I encourage you to experiment with the above points and use the ones that work, and make your own “strategies for sleep”. I hope that by better understanding how sleep does, and sometimes doesn’t work, we can all develop a better awareness of how to encourage our sleeping selves to get the deep rest and rejuvenation we want and need. 

References 

• Chen, M.L., Lin, l.C., Wu, S.C., Lin, J.G. 

The effectiveness of acupressure in improving the quality of sleep of institutionalized residents 

(J. Gerontol A Biol Sci med Sci 1999 Aug; 54 (8)): M389 - 94 

• Field, Tiffany 

Massage Therapy 

(Med Clin North Am. 2002 Jan; 86 (1)): 163 – 71 

• Mantle, F. 

Complementary Therapies Sleepless and Unsettled 

(Nursing Times. 1996 June 5-11; 92 (23)): 46 – 7 

• Bearpark, Helen M. 

Insomnia: Causes, Effects and Treatment; Cooper, R. (ed.)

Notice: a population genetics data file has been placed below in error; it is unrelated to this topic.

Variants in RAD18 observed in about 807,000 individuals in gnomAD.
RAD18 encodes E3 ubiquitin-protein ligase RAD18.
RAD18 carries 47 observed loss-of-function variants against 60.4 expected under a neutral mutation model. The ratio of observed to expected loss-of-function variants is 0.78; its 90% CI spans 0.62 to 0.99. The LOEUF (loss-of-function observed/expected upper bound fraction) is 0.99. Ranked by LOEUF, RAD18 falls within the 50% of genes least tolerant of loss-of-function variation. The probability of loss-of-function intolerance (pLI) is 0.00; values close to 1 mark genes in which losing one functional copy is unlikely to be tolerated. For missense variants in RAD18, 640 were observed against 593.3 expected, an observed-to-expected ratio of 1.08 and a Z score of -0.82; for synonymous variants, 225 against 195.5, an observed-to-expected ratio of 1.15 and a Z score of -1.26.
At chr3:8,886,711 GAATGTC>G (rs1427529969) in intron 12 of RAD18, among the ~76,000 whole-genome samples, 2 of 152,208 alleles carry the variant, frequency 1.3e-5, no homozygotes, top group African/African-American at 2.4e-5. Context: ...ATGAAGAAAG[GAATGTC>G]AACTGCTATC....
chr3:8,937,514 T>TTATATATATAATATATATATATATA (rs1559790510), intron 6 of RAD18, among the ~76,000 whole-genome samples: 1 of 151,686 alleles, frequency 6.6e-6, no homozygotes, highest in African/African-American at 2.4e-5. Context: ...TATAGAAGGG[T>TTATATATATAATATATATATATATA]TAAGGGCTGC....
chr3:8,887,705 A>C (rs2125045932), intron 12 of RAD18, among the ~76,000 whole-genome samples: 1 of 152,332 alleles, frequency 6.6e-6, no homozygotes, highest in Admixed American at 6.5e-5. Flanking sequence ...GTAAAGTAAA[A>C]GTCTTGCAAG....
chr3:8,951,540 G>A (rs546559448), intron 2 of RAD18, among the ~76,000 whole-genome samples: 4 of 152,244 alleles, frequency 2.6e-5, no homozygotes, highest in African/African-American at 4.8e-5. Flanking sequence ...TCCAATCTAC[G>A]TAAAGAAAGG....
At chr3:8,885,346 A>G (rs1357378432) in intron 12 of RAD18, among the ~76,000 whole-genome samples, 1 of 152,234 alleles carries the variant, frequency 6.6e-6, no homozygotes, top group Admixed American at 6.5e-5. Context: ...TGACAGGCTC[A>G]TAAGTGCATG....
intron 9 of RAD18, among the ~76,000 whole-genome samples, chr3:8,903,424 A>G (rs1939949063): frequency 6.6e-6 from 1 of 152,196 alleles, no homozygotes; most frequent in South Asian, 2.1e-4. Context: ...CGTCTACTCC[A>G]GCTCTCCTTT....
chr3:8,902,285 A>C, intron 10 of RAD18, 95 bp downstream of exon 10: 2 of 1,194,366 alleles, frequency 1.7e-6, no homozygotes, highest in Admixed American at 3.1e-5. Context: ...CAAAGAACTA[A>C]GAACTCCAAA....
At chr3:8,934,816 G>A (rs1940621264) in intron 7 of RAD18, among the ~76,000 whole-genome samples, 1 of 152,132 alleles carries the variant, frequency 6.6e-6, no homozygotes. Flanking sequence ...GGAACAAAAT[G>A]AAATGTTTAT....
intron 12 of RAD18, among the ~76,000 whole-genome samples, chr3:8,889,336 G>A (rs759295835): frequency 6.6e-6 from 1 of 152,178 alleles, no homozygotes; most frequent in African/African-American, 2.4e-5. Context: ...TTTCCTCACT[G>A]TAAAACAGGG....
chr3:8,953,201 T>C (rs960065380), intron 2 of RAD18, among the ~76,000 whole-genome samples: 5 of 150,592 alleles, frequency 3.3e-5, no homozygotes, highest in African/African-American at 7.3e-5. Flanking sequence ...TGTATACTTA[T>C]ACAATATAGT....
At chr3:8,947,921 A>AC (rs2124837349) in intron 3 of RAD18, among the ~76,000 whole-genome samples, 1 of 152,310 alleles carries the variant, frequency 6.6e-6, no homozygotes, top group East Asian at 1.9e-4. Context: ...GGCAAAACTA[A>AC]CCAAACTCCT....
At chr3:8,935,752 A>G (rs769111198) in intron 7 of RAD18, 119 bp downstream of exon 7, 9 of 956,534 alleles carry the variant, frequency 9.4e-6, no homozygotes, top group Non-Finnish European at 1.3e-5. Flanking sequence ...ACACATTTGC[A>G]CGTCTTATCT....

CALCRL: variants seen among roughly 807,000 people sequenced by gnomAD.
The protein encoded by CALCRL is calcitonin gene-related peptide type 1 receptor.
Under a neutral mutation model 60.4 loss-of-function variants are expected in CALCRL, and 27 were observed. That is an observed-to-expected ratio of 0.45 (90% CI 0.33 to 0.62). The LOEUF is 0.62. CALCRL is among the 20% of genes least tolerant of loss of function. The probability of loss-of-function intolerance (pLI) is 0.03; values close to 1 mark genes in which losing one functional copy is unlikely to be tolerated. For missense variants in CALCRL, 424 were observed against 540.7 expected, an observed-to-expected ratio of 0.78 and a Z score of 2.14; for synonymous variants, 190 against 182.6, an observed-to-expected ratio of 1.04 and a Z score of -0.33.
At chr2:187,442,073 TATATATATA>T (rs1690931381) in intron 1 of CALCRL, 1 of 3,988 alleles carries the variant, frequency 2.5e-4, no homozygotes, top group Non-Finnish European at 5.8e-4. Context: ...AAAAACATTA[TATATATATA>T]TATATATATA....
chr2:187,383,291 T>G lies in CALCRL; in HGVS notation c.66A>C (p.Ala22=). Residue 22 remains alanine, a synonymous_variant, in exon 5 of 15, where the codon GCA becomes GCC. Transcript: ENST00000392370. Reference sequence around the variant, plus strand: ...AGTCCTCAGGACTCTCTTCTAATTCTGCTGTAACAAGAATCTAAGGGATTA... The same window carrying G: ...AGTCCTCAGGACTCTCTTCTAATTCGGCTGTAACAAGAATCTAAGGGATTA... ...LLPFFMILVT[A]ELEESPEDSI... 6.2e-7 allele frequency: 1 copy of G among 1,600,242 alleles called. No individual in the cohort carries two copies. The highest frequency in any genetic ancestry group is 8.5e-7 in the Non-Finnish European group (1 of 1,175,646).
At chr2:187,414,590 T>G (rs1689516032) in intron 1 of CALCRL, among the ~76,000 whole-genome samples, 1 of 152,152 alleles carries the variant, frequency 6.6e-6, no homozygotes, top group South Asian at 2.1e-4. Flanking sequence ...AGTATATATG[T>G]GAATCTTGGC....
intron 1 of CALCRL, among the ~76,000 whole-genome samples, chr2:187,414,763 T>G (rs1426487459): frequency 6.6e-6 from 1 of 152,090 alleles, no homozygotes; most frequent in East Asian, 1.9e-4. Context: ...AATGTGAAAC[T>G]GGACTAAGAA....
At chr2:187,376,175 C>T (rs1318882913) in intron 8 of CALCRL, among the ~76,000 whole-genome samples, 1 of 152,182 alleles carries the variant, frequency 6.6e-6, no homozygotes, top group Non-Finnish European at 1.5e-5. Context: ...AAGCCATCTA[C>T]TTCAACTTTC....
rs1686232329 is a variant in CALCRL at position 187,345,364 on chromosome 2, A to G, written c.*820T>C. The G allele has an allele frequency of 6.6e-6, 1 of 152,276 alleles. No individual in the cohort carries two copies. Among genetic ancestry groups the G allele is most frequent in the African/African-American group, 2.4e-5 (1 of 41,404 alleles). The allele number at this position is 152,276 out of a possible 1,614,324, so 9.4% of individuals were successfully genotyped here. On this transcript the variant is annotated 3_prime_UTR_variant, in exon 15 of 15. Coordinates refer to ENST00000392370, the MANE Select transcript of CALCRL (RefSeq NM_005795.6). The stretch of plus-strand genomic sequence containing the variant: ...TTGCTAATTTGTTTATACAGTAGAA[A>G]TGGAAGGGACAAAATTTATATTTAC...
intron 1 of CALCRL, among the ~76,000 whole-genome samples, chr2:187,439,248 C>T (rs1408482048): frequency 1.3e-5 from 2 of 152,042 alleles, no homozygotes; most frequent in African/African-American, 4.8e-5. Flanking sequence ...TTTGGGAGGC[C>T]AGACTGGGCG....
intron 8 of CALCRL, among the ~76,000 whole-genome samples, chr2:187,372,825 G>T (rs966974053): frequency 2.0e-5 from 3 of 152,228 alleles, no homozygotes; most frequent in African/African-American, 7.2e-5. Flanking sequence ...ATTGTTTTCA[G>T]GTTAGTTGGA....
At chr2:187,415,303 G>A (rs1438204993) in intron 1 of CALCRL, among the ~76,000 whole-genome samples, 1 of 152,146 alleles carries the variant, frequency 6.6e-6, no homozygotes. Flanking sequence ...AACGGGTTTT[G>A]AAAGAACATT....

Sleep (Chapman & Hall Medical, 1994): 587 

• Cooper, Rosemary 

Normal Sleep; Cooper, R. (ed.) 

Sleep (Chapman & Hall Medical 1994): 3

• Hobson, J. Allen 

Sleep (Scientific American Library, 1989) 

• Hughes, John R. 

EEG in Clinical Practice 

(Butterworth – Heinemann, Boston; 1994) 

• Kleitman, N. 

Basic Rest – Activity Cycle in Relation to Sleep and Wakefulness; Kales, A. (ed.) Sleep Physiology & Pathology 

Lippincott, Philadelphia & Toronto, 1969): 33 – 37 

• Parkes, J.D. 

Sleep and It’s Disorders (Saunders, London 1985) 

• Chopra, Deepak 

Restful Sleep, The Complete mind-body programme for over-coming Insomnia 

(Rider: London 1994) 

• Dement, William C. and Vaughan, Christopher 

The Promise of Sleep